Among 243 patients who received neo-adjuvant therapy, the 5-year DFS rate was 71.9% for those in the HER2-pos-T group and 71.3% for those in the HER2-neg group (P = 0.463, Supplementary Fig. S2a). In multivariate analysis, patients in the HER2-pos-T group had significantly superior DFS (HR 0.51, 95% CI: 0.27–0.97, P = 0.041). The 5-year OS rate was 87.7% and 85.1% for the two arms, respectively (P = 0.341, Supplementary Fig. S2b). There was no difference between the two groups in OS (HR 0.40, 95% CI: 0.15–1.09, P = 0.073).

The 5-year DFS rate was 91.9% for ER+/HER2+ patients treated with chemotherapy and trastuzumab and 87.6% for ER+/HER2- patients who received chemotherapy (P = 0.011, Supplementary Fig. S2c). The 5-year OS rate was 97.3% and 95.2% for the two arms, respectively (P = 0.002, Supplementary Fig. S2d). Patients in the HER2-pos-T group had significantly superior DFS (HR 0.51, 95% CI: 0.35–0.74, P <  0.001) and OS (HR 0.32, 95% CI: 0.17–0.63, P = 0.001) than those in the HER2-neg group among the chemotherapy subset.

For patients receiving radiotherapy, the 5-year DFS rate was 89.8% for the HER2-pos-T group and 87.9% for the HER2-neg group (P = 0.216, Supplementary Fig. S2e). The 5-year OS rate was 96.6% and 95.4% for the two arms, respectively (P = 0.127, Supplementary Fig. S2f). Similarly, DFS (HR 0.53, 95% CI: 0.35–0.81, P = 0.003) and OS (HR 0.32, 95% CI: 0.15–0.68, P = 0.003) were significantly better in favor of the HER2-pos-T group.

The 5-year estimates of DFS rates were 89.7% for the HER2-pos-T group and 91.5% for the HER2-neg group among those treated with a selective estrogen receptor modulator (SERM) (P = 0.573, Supplementary Fig. S3a). Estimated 5-year OS rates were 96.8% and 97.7% for the two arms, respectively (P = 0.651, Supplementary Fig. S3b). Patients in the HER2-pos-T group had significantly better DFS (HR 0.52, 95% CI: 0.28–0.96, P = 0.038) while OS (HR 0.46, 95% CI: 0.14–1.58, P = 0.219) was comparable between the two arms. For the 297 patients assigned SERM-AI, the 5-year DFS, OS rates were 95.2%, 97.2% for the HER2-pos-T group and 95.0%, 99.1% for the HER2-neg group, respectively (P = 0.605, 0.228, Supplementary Fig. S3c, d). No differences were observed in DFS (HR 0.47, 95% CI: 0.09–2.44, P = 0.371) and OS (HR 3.03, 95% CI: 0.36–25.15, P = 0.305) in multivariate analysis. Among patients receiving an AI, the DFS rate was 90.0% and 89.1% for the HER2-pos-T and HER2-neg groups (P = 0.334, Supplementary Fig. S3e). A total of 97.7% in the HER2-pos-T group and 95.3% in the HER2-neg group were alive at 5 years (P = 0.042, Supplementary Fig. S3f). DFS (HR 0.58, 95% CI: 0.37–0.93, P = 0.023) and OS (HR 0.26, 95% CI: 0.11–0.65, P = 0.004) of the HER2-pos-T group were superior to that of the HER2-neg group.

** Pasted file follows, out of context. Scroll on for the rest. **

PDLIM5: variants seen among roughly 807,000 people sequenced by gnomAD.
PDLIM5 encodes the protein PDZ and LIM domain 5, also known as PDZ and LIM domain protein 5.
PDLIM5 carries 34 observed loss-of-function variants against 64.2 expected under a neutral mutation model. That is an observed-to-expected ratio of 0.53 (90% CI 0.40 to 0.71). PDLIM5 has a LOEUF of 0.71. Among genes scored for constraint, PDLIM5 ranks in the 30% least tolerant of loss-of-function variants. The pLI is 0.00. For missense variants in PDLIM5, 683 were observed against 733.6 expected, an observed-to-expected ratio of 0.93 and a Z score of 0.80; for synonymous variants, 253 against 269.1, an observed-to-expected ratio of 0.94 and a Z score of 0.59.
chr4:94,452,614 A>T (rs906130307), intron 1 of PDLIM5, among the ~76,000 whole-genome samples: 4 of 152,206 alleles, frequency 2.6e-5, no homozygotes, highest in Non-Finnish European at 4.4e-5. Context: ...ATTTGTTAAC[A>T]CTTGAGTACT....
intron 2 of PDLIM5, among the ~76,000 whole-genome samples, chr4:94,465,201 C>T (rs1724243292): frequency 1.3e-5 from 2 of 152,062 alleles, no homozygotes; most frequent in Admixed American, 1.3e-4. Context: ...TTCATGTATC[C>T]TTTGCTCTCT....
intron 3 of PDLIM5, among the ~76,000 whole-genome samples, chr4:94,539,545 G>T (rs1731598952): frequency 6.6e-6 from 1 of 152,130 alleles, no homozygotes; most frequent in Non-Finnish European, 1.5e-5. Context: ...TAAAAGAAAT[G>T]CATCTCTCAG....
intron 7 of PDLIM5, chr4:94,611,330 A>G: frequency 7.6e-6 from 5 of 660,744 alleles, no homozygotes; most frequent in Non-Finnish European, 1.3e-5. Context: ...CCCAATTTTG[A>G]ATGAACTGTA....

Predictive effect of HER2 status in ER+ patients

There were 256 pre-menopausal women in the present cohort who were treated with OFS (75 with SERM, 16 with SERM-AI, and 165 with AI), and 1211 received endocrine therapy alone (Supplementary Table S2). The rate of OFS utilization was higher in the HER2-pos-T group than that in the HER2-neg group (23.3% vs. 16.5%, P = 0.016). For HER2- patients, 86.5% in the OFS arm and 92.2% in the Non-OFS arm were disease-free at 5 year (P = 0.013, Supplementary Fig. S4a). While the 5-year DFS rate was 89.5% in the OFS arm and 90.2% in the Non-OFS arm among HER2+ patients (P = 0.995, Supplementary Fig. S4b). There was no interaction between HER2 status and OFS benefit in terms of DFS (P = 0.556). For HER2- patients, 97.8% in the OFS arm and 98.0% in the Non-OFS arm were alive at 5 year (P = 0.245, Supplementary Fig. S4c). The rates among HER2+ patients were 100.0% and 96.3%, respectively (P = 0.277, Supplementary Fig. S4d). Similarly, no interaction between HER2 status and OFS benefit in OS were observed (P = 0.965).

Discussion

Patients with ER+/HER2+ breast cancer had a worse prognosis compared to those with ER+/HER2- disease in the pre-trastuzumab treatment era, who were more frequently treated with chemotherapy and escalation endocrine therapy. Consistent with previous studies, our current study found that ER+/HER2+ tumors were associated with pre/peri-menopause, higher histological grade, LVI, higher Ki-67 level, lower ER and PR levels. After adjusting for these characteristics, the DFS and OS rates were significantly better for ER+/HER2+ patients treated with trastuzumab than those with ER+/HER2- tumor, indicating HER2-positivity itself may not be an adverse factor for ER+ patients if they were treated with trastuzumab, which may guide further clinical treatment decision making.